Tuesday, January 15, 2013

Proposed Murrayville Shoppers misses the mark on pedestrian-friendly design

Neighbourhood commercial nodes play an important role in any community by providing convenient, close access to goods and services. In its ideal form a neighbourhood commercial node would contain a mix of retail, higher-density residential, and office space, but in the South of Fraser it has normally taken the form of the strip mall.

The traditional strip mall is auto-oriented with parking in the front and shops usually setback from the street. It creates an unwelcoming pedestrians and cycling environment, and a poor public realm. I fully realize the need for parking in the South of Fraser and that not every commercial site will be mixed-use, so how do we make the traditional strip mall better?

I think that Surrey has gotten it right with the introduction of the pedestrian-friendly strip mall. I posted about it on the blog Civic Surrey. In Surrey, newer neighbourhood strips malls front the street with pedestrian and cycling entrances while still including access to "hidden" parking in the back. It creates a more welcoming public realm that encourages walking and cycling while recognizing that the automobile is still the dominant form of transportation. So with the second largest municipality in Metro Vancouver embracing the walkable strip mall, you'd think that the Township of Langley would also follow.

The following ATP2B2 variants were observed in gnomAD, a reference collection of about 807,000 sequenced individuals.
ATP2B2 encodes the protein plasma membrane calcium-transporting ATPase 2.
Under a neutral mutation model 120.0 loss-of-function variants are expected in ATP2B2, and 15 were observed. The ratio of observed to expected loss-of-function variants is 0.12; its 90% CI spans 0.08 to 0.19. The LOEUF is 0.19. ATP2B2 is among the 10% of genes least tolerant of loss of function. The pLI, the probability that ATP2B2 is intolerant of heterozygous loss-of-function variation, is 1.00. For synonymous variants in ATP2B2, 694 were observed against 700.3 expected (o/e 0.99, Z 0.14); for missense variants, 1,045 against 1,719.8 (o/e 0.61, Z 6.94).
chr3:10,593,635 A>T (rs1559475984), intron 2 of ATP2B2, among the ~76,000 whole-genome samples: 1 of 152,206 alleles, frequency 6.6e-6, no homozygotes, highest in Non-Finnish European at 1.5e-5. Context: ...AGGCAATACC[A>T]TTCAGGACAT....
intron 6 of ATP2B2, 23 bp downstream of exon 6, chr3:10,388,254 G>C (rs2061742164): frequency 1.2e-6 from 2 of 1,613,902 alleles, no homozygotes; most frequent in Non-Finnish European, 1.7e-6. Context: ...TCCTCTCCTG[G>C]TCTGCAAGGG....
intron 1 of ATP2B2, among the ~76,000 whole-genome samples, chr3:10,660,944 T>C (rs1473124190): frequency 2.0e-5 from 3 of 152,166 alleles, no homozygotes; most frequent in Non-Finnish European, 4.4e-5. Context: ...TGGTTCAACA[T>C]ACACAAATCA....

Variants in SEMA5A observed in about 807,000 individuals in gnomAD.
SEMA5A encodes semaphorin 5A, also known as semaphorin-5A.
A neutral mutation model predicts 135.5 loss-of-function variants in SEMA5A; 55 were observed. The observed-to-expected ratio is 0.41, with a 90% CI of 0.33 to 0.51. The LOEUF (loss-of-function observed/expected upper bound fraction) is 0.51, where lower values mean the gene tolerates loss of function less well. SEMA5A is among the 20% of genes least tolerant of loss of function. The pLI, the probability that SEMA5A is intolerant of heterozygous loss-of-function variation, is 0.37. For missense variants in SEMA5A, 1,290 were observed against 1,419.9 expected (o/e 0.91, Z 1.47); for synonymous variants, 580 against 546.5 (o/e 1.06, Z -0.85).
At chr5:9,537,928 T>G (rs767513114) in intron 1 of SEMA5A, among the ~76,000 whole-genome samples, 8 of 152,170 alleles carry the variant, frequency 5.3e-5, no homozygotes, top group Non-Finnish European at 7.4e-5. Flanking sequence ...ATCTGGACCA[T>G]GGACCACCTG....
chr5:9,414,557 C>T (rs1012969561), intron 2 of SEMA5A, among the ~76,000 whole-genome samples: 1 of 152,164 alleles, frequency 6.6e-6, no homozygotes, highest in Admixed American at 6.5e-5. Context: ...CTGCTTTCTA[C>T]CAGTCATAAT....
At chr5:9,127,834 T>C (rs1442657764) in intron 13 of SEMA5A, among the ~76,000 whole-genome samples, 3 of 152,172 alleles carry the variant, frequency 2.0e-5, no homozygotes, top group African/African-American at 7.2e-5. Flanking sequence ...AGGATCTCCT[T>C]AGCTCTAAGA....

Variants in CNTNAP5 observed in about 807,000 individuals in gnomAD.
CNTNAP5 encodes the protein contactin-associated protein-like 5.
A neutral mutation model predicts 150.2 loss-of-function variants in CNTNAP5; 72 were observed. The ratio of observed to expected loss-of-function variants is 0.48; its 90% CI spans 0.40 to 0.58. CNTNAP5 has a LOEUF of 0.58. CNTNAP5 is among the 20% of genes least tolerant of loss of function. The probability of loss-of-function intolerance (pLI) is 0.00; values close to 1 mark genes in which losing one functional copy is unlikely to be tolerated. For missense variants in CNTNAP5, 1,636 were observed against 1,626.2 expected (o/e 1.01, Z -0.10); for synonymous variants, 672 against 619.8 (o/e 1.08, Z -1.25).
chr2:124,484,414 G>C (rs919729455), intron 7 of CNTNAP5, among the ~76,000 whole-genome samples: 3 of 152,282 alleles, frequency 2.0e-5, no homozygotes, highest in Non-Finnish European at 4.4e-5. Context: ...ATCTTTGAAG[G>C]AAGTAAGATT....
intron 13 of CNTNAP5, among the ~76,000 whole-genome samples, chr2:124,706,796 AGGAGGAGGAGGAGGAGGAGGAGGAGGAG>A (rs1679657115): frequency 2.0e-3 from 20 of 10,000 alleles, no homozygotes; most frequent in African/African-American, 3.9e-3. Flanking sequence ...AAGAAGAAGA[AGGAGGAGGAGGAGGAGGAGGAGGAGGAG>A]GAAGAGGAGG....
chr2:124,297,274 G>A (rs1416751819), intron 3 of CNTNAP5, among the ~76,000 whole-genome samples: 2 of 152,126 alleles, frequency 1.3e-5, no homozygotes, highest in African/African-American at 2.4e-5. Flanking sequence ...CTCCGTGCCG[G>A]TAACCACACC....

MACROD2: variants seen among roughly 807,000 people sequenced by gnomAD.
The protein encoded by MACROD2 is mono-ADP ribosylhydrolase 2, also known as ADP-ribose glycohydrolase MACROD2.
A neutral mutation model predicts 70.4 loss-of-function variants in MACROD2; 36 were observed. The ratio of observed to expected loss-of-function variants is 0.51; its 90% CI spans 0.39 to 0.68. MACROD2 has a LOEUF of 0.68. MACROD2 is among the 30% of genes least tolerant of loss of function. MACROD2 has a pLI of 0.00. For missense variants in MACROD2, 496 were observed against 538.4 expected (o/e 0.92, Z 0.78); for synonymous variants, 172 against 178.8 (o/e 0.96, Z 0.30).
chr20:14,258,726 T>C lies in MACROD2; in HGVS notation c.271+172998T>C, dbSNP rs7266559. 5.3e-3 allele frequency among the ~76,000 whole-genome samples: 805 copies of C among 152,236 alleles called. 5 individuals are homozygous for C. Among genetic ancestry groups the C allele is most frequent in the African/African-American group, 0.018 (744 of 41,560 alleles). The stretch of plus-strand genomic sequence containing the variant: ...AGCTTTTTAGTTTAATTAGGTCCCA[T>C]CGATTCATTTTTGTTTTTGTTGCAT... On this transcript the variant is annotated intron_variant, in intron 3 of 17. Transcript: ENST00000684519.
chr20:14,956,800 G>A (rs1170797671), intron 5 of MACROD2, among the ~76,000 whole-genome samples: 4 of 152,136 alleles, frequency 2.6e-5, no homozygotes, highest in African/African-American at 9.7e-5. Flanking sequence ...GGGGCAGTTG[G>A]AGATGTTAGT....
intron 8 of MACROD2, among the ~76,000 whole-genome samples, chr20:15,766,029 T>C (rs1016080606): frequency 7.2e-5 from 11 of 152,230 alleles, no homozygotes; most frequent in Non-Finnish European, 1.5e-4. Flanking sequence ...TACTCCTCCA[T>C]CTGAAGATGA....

I was a bit shocked when I looked at the plans for a new 18,650 sq. ft. Shopper Drug Mart in Murrayville. The store is moving from the central core of Murrayville to the northwest corner of Fraser Highway and 222nd Street. Interesting enough, the siting of the buildings for the proposed development are actually conducive to building a pedestrian-friendly strip mall, but instead of embracing the street, the development turns its back towards it.

Site plan for proposed Shoppers Drug Mart development. Click image to enlarge.

Proposed development turns its back towards the street creating a hostile pedestrian environment. Click image to enlarge.

The simple solution would be to include pedestrian entrances with welcoming pedestrian-friendly features like benches and windows facing the street. Bike parking would also help. The interesting thing is that a few tweaks to this plan could improve the perception of walkability in Murrayville. As it is, the new development is within easy walking distance of the Murrayville core and the hospital. It's really time that those on council demand a little better from developers to make our community more cycling and pedestrian-friendly especially with our aging popultation that will have increasing mobility challenges.

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